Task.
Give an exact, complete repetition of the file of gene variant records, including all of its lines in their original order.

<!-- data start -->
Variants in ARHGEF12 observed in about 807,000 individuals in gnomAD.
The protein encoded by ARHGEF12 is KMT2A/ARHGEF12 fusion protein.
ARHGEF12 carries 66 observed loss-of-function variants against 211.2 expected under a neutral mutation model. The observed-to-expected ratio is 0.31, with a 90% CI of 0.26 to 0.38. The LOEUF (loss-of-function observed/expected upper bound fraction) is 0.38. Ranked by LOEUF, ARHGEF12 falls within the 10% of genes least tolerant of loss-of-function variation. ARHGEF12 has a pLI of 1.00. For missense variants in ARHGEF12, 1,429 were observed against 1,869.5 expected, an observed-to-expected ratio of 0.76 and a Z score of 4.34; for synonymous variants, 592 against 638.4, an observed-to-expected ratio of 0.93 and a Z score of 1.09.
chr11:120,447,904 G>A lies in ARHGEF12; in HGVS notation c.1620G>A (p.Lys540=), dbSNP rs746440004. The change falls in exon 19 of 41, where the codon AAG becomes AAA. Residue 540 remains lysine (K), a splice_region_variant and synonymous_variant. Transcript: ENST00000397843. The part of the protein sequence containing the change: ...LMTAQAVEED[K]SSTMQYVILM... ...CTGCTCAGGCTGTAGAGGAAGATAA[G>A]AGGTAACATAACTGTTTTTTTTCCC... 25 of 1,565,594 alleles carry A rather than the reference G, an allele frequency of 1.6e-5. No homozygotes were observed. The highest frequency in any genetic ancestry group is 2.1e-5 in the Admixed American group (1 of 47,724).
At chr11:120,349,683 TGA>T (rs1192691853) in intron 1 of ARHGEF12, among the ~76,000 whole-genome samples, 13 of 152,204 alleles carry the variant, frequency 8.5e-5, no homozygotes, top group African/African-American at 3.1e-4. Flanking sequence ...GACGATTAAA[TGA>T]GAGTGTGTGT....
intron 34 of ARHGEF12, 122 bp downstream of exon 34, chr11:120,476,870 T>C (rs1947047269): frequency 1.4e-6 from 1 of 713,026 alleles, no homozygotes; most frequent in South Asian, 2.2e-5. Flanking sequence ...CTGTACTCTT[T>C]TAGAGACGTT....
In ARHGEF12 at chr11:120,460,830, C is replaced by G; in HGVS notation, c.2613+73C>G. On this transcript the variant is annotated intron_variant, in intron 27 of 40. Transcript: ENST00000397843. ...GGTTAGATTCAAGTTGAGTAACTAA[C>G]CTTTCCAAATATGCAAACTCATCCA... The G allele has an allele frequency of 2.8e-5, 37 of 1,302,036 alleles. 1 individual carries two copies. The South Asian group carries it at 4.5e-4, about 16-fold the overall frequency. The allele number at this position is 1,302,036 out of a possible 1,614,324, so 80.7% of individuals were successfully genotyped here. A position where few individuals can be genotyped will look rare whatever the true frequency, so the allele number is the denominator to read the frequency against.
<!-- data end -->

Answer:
Variants in ARHGEF12 observed in about 807,000 individuals in gnomAD.
The protein encoded by ARHGEF12 is KMT2A/ARHGEF12 fusion protein.
ARHGEF12 carries 66 observed loss-of-function variants against 211.2 expected under a neutral mutation model. The observed-to-expected ratio is 0.31, with a 90% CI of 0.26 to 0.38. The LOEUF (loss-of-function observed/expected upper bound fraction) is 0.38. Ranked by LOEUF, ARHGEF12 falls within the 10% of genes least tolerant of loss-of-function variation. ARHGEF12 has a pLI of 1.00. For missense variants in ARHGEF12, 1,429 were observed against 1,869.5 expected, an observed-to-expected ratio of 0.76 and a Z score of 4.34; for synonymous variants, 592 against 638.4, an observed-to-expected ratio of 0.93 and a Z score of 1.09.
chr11:120,447,904 G>A lies in ARHGEF12; in HGVS notation c.1620G>A (p.Lys540=), dbSNP rs746440004. The change falls in exon 19 of 41, where the codon AAG becomes AAA. Residue 540 remains lysine (K), a splice_region_variant and synonymous_variant. Transcript: ENST00000397843. The part of the protein sequence containing the change: ...LMTAQAVEED[K]SSTMQYVILM... ...CTGCTCAGGCTGTAGAGGAAGATAA[G>A]AGGTAACATAACTGTTTTTTTTCCC... 25 of 1,565,594 alleles carry A rather than the reference G, an allele frequency of 1.6e-5. No homozygotes were observed. The highest frequency in any genetic ancestry group is 2.1e-5 in the Admixed American group (1 of 47,724).
At chr11:120,349,683 TGA>T (rs1192691853) in intron 1 of ARHGEF12, among the ~76,000 whole-genome samples, 13 of 152,204 alleles carry the variant, frequency 8.5e-5, no homozygotes, top group African/African-American at 3.1e-4. Flanking sequence ...GACGATTAAA[TGA>T]GAGTGTGTGT....
intron 34 of ARHGEF12, 122 bp downstream of exon 34, chr11:120,476,870 T>C (rs1947047269): frequency 1.4e-6 from 1 of 713,026 alleles, no homozygotes; most frequent in South Asian, 2.2e-5. Flanking sequence ...CTGTACTCTT[T>C]TAGAGACGTT....
In ARHGEF12 at chr11:120,460,830, C is replaced by G; in HGVS notation, c.2613+73C>G. On this transcript the variant is annotated intron_variant, in intron 27 of 40. Transcript: ENST00000397843. ...GGTTAGATTCAAGTTGAGTAACTAA[C>G]CTTTCCAAATATGCAAACTCATCCA... The G allele has an allele frequency of 2.8e-5, 37 of 1,302,036 alleles. 1 individual carries two copies. The South Asian group carries it at 4.5e-4, about 16-fold the overall frequency. The allele number at this position is 1,302,036 out of a possible 1,614,324, so 80.7% of individuals were successfully genotyped here. A position where few individuals can be genotyped will look rare whatever the true frequency, so the allele number is the denominator to read the frequency against.